The equestrian industry is calling on DEFRA to clear up “grey areas” in horse passport legislation, step up enforcement, educate horse owners better and resolve anomalies that are making a mockery of the system.
Despite a clear consensus that passport data, ultimately destined to be fed into the National Equine Database (NED), should help safeguard horse welfare, retain crucial veterinary medicines in the UK, improve disease surveillance and discourage theft — the regulations need a rethink.
That’s the message from H&H enquiries about how passport legislation is working. Passports have been a legal requirement since 28 February 2005 (16 August 2005 in Scotland).
There is still confusion about when passports should be carried; why it is not an offence to buy, only sell a horse without a passport; whether vets must check passports before treating horses, and what passports look like. There is an inordinate number of Passport Issuing Organisations (PIOs) and a wide array of passport designs. A further question mark hangs over the issue of compliance.
“There are still people out there who don’t know about passports,” said the British Horse Society’s (BHS) Helen Owens. “Some still ring up and ask what they should do and others think vaccination certificates are passports.”
Eric Gillie Horse Transport director Jane Gillie, whose drivers move up to 60 horses per week, refuses to transport any horse without a passport “no matter what”. Customers are informed of this in advertisements. She thinks the law is confusing and is shocked by the level of ignorance and non-compliance.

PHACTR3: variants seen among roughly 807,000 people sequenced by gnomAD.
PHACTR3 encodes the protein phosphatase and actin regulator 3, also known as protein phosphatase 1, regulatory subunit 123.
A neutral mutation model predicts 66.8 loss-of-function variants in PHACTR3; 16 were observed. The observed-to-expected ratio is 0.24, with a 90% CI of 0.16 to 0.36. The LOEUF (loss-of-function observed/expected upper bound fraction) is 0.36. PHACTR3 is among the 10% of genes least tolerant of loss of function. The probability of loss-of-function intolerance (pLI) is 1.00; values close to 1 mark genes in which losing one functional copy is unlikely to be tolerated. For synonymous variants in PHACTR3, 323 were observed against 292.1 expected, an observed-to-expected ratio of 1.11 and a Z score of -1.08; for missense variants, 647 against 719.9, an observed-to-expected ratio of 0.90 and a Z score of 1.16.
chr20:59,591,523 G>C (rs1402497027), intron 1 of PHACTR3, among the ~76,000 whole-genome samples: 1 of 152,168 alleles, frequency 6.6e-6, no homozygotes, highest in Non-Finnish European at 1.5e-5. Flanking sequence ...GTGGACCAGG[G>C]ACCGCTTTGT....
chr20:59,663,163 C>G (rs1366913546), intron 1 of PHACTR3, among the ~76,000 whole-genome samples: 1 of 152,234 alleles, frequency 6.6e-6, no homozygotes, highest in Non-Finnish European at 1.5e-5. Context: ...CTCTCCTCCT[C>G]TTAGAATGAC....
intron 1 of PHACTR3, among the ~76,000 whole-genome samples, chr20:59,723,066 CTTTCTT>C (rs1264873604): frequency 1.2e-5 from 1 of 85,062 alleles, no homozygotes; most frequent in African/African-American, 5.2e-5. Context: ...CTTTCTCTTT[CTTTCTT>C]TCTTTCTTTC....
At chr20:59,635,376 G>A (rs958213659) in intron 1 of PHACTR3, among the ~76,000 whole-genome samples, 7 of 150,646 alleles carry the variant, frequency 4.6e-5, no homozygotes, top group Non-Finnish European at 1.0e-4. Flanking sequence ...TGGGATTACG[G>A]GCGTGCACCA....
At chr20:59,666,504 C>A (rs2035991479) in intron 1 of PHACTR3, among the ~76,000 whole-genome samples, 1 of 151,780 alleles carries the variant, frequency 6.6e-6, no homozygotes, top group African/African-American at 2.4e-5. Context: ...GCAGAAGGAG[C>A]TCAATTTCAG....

“We are aghast at what still goes on,” said Mrs Gillie, citing two recent cases of studs in Wales and Somerset that had not obtained passports for horses. “It’s amazing that some people don’t even know horses are supposed to have passports. I’m losing business because of it.”
According to a DEFRA spokesman, more than 693,500 passports had been issued by PIOs in England, with roughly 1,600 “being processed”. Figures are not centrally available for Wales, Scotland or Northern Ireland.
All equines (horse, ponies and donkeys, but not zebras) must have a passport. In England, there are exemptions for animals on lists kept by the Dartmoor Commoners Council and New Forest Verderers.
The law ensures horses treated with drugs not authorised for use in food-producing animals cannot be slaughtered for human consumption.
Asked whether the government was disappointed many horse owners still hadn’t applied for passports, the DEFRA spokesman said: “We are not complacent but compliance is already higher than many people predicted and it is still increasing”.
While he said “owners who have not applied within the time limits have committed an offence” and, if prosecuted and found guilty, could face a maximum £5,000 fine or up to three months in jail, late applications incurred no penalty.
“The aim is to encourage, not discourage, compliance,” he said.
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